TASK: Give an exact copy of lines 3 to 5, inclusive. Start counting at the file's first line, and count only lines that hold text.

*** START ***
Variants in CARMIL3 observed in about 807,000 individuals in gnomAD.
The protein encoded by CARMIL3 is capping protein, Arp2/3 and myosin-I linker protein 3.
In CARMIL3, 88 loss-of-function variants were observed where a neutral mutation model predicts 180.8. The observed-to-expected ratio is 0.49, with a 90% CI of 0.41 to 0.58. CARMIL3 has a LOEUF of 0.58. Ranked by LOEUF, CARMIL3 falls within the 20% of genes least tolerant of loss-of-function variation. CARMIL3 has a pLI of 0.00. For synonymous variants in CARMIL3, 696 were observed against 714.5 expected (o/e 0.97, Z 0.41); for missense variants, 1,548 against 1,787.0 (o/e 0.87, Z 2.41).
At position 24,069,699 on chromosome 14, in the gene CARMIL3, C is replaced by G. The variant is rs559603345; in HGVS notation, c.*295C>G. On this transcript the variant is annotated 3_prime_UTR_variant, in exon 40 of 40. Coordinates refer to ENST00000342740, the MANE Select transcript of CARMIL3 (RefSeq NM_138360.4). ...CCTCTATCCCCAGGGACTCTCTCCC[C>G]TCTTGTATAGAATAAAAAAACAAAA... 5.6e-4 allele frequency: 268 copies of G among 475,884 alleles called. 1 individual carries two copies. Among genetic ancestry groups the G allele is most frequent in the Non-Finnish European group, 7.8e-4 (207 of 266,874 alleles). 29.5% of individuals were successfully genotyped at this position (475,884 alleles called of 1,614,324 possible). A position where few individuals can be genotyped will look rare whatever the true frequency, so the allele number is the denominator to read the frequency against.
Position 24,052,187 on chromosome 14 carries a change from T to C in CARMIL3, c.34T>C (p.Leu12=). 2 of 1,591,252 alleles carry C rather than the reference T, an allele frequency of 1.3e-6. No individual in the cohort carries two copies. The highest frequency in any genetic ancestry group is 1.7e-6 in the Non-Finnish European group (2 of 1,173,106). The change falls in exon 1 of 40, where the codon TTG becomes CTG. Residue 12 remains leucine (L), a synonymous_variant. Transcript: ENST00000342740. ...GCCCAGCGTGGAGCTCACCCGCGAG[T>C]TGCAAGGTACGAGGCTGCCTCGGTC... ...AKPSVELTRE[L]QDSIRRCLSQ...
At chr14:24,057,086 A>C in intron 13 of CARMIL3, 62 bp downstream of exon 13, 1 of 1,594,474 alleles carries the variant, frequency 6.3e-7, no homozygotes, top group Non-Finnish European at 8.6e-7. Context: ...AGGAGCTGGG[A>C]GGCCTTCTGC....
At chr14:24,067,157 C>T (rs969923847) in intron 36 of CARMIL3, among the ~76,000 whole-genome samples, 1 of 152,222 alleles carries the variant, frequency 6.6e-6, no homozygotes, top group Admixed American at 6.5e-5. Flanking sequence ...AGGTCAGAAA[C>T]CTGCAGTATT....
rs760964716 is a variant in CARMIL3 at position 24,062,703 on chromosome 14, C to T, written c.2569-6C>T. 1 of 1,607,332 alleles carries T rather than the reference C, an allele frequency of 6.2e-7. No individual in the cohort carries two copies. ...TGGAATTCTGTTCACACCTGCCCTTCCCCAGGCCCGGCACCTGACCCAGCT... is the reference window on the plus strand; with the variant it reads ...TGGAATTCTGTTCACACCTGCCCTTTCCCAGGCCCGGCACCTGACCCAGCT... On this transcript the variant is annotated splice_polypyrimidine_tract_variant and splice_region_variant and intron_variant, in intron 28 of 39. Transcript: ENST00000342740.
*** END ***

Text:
In CARMIL3, 88 loss-of-function variants were observed where a neutral mutation model predicts 180.8. The observed-to-expected ratio is 0.49, with a 90% CI of 0.41 to 0.58. CARMIL3 has a LOEUF of 0.58. Ranked by LOEUF, CARMIL3 falls within the 20% of genes least tolerant of loss-of-function variation. CARMIL3 has a pLI of 0.00. For synonymous variants in CARMIL3, 696 were observed against 714.5 expected (o/e 0.97, Z 0.41); for missense variants, 1,548 against 1,787.0 (o/e 0.87, Z 2.41).
At position 24,069,699 on chromosome 14, in the gene CARMIL3, C is replaced by G. The variant is rs559603345; in HGVS notation, c.*295C>G. On this transcript the variant is annotated 3_prime_UTR_variant, in exon 40 of 40. Coordinates refer to ENST00000342740, the MANE Select transcript of CARMIL3 (RefSeq NM_138360.4). ...CCTCTATCCCCAGGGACTCTCTCCC[C>G]TCTTGTATAGAATAAAAAAACAAAA... 5.6e-4 allele frequency: 268 copies of G among 475,884 alleles called. 1 individual carries two copies. Among genetic ancestry groups the G allele is most frequent in the Non-Finnish European group, 7.8e-4 (207 of 266,874 alleles). 29.5% of individuals were successfully genotyped at this position (475,884 alleles called of 1,614,324 possible). A position where few individuals can be genotyped will look rare whatever the true frequency, so the allele number is the denominator to read the frequency against.
Position 24,052,187 on chromosome 14 carries a change from T to C in CARMIL3, c.34T>C (p.Leu12=). 2 of 1,591,252 alleles carry C rather than the reference T, an allele frequency of 1.3e-6. No individual in the cohort carries two copies. The highest frequency in any genetic ancestry group is 1.7e-6 in the Non-Finnish European group (2 of 1,173,106). The change falls in exon 1 of 40, where the codon TTG becomes CTG. Residue 12 remains leucine (L), a synonymous_variant. Transcript: ENST00000342740. ...GCCCAGCGTGGAGCTCACCCGCGAG[T>C]TGCAAGGTACGAGGCTGCCTCGGTC... ...AKPSVELTRE[L]QDSIRRCLSQ...